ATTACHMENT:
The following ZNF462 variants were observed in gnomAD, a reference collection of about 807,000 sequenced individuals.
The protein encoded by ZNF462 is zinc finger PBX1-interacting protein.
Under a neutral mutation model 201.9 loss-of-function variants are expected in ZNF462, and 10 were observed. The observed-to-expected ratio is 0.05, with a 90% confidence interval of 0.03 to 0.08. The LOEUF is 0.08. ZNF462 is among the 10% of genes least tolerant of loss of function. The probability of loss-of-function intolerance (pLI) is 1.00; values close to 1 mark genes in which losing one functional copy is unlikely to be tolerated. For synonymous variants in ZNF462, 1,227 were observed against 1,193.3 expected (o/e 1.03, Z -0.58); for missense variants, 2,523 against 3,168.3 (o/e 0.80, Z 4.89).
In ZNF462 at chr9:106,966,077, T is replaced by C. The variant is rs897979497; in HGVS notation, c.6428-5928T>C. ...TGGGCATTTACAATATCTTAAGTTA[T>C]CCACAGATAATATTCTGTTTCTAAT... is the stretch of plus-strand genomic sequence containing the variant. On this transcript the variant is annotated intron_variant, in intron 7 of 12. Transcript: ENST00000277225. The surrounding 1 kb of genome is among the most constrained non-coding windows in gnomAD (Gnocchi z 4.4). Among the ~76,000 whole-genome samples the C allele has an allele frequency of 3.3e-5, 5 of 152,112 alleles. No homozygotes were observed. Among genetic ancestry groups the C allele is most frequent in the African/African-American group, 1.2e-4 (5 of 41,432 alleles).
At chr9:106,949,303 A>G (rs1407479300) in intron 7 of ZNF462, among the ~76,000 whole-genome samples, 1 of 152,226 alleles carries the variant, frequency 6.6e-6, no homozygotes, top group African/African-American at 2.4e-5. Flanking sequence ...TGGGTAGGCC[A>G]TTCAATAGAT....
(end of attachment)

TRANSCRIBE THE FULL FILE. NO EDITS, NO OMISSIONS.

The following ZNF462 variants were observed in gnomAD, a reference collection of about 807,000 sequenced individuals.
The protein encoded by ZNF462 is zinc finger PBX1-interacting protein.
Under a neutral mutation model 201.9 loss-of-function variants are expected in ZNF462, and 10 were observed. The observed-to-expected ratio is 0.05, with a 90% confidence interval of 0.03 to 0.08. The LOEUF is 0.08. ZNF462 is among the 10% of genes least tolerant of loss of function. The probability of loss-of-function intolerance (pLI) is 1.00; values close to 1 mark genes in which losing one functional copy is unlikely to be tolerated. For synonymous variants in ZNF462, 1,227 were observed against 1,193.3 expected (o/e 1.03, Z -0.58); for missense variants, 2,523 against 3,168.3 (o/e 0.80, Z 4.89).
In ZNF462 at chr9:106,966,077, T is replaced by C. The variant is rs897979497; in HGVS notation, c.6428-5928T>C. ...TGGGCATTTACAATATCTTAAGTTA[T>C]CCACAGATAATATTCTGTTTCTAAT... is the stretch of plus-strand genomic sequence containing the variant. On this transcript the variant is annotated intron_variant, in intron 7 of 12. Transcript: ENST00000277225. The surrounding 1 kb of genome is among the most constrained non-coding windows in gnomAD (Gnocchi z 4.4). Among the ~76,000 whole-genome samples the C allele has an allele frequency of 3.3e-5, 5 of 152,112 alleles. No homozygotes were observed. Among genetic ancestry groups the C allele is most frequent in the African/African-American group, 1.2e-4 (5 of 41,432 alleles).
At chr9:106,949,303 A>G (rs1407479300) in intron 7 of ZNF462, among the ~76,000 whole-genome samples, 1 of 152,226 alleles carries the variant, frequency 6.6e-6, no homozygotes, top group African/African-American at 2.4e-5. Flanking sequence ...TGGGTAGGCC[A>G]TTCAATAGAT....